There seems to be a growing consensus on the medical and mental health concerns associated with smoking marijuana. Beginning in the summer of 2007, a series of research studies into the health risks of smoking marijuana began to appear in medical and research journals. Several of them are summarized here for your convenience. I will periodically update this synopsis of research findings as new studies on marijuana are made public. This was last updated on 1/23/2017.
This is a revised version of AWARE Questionnaire (Advance WArning of RElapse). It was originally designed as a measure of the warning signs of relapse as described by Terence Gorski. This instrument was developed through research funded by the National Institute on Alcohol Abuse and Alcoholism (NIAAA, and is in the public domain. So it may be used without specific permission provided that proper acknowledgment is given to its source. See this copy for the correct citation.
It is possible to understand drug craving and to learn how to manage craving without returning to use. A model that allows people to identify set-up behaviors, trigger events, and the cycle of craving itself, and intervening upon this process has proven effective in reducing relapse among addicts.
Methadone maintenance is a corrective treatment for the high social toll of opiate use; but it doesn’t really treat opiate addiction. It “treats” the legal, medical and interpersonal negative consequences that result from a dependency to heroin and other opiates. But the price paid by the “patient” is that they must gamble on chaining themselves to a slowly developing addiction-dragon that may be harder to get away from than the original chaos and potential death they sought to escape from in active heroin addiction.
In addition to methadone, there is another opiate replacement medication on the U.S. market, buprenorphine (as Suboxone or Subutex). This article will examine the perceived advantages and disadvantages of buprenorphine for opioid dependence treatment, assess the abuse potential of buprenorphine, and critique the supposed efficacy of maintenance treatment for opiate abuse and dependence.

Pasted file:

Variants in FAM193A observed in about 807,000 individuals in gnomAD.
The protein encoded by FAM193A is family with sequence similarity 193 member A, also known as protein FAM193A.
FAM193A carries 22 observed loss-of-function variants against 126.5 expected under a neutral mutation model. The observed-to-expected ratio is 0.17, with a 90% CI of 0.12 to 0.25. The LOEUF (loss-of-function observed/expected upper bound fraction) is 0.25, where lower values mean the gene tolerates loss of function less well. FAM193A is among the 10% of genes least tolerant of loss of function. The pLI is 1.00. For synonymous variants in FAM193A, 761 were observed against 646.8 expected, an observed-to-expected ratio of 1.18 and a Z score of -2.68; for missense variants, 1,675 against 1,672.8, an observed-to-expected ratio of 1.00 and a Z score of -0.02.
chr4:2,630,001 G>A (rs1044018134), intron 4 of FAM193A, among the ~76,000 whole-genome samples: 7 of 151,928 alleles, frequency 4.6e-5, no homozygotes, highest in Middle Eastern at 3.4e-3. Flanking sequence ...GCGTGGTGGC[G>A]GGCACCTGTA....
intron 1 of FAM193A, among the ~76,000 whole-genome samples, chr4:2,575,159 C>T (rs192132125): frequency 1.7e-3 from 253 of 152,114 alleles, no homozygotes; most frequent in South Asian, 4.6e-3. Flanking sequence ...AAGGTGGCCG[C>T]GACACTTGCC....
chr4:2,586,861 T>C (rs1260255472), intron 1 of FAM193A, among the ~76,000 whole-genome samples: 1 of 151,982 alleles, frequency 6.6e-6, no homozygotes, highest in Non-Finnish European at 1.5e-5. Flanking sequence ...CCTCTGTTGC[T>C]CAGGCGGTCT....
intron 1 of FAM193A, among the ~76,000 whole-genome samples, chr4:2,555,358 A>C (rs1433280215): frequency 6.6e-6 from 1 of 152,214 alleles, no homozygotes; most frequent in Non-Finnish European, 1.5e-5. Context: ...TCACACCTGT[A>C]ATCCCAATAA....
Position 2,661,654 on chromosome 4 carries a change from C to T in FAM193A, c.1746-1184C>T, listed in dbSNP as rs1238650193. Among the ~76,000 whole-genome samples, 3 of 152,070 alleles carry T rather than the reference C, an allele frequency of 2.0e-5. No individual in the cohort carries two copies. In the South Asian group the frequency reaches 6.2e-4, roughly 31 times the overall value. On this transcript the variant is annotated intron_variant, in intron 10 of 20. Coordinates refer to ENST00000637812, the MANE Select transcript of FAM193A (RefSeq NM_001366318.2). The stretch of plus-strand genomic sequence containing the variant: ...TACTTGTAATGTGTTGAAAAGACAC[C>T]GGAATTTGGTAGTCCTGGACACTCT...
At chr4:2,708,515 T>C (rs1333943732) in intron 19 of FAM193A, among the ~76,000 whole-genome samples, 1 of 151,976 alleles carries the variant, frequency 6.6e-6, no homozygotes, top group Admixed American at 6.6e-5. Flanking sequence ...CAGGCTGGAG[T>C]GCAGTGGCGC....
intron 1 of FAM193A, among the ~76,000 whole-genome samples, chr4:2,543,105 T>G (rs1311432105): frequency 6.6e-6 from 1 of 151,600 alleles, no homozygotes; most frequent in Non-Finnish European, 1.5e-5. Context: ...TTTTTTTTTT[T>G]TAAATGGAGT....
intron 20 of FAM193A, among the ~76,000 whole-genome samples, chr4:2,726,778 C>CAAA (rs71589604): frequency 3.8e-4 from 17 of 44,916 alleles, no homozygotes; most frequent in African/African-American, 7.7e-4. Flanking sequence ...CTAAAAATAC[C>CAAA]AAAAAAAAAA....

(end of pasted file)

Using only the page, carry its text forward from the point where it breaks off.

Problems with the abuse of prescription drugs has been on the rise for several years. In a May 2010 study US hospital admissions due to poisoning by prescription drugs (opioids, sedatives and tranquilizers) reportedly rose from 43,000 to 71,000 between 1999 and 2006. That is a 65% increase; about double the increase observed for poisoning by other drugs and medicines. The largest increase in hospitalizations for poisonings was for methadone (400%). The abuse and trafficking of prescription drugs appears to be ready to surpass illicit drug abuse worldwide.
Globally, an estimated 243 million people, about 5.2% of the world population aged 15-64 used an illicit drug in 2012. There has been an increase in opioid and cannabis use since 2009, while opiates, cocaine and amphetamine-type stimulants (ATS) have either remained stable or decreased. New psychoactive substances (NPS) are now found in most of Europe and North America, as well as Oceania, Asia, South America and several African countries. The number of NPS rose from 251 in July of 2012 to 348 in December of 2013. This compares to 234 psychoactive substances controlled at the international level. “The use of new psychoactive substances is thus emerging as a truly global phenomenon.”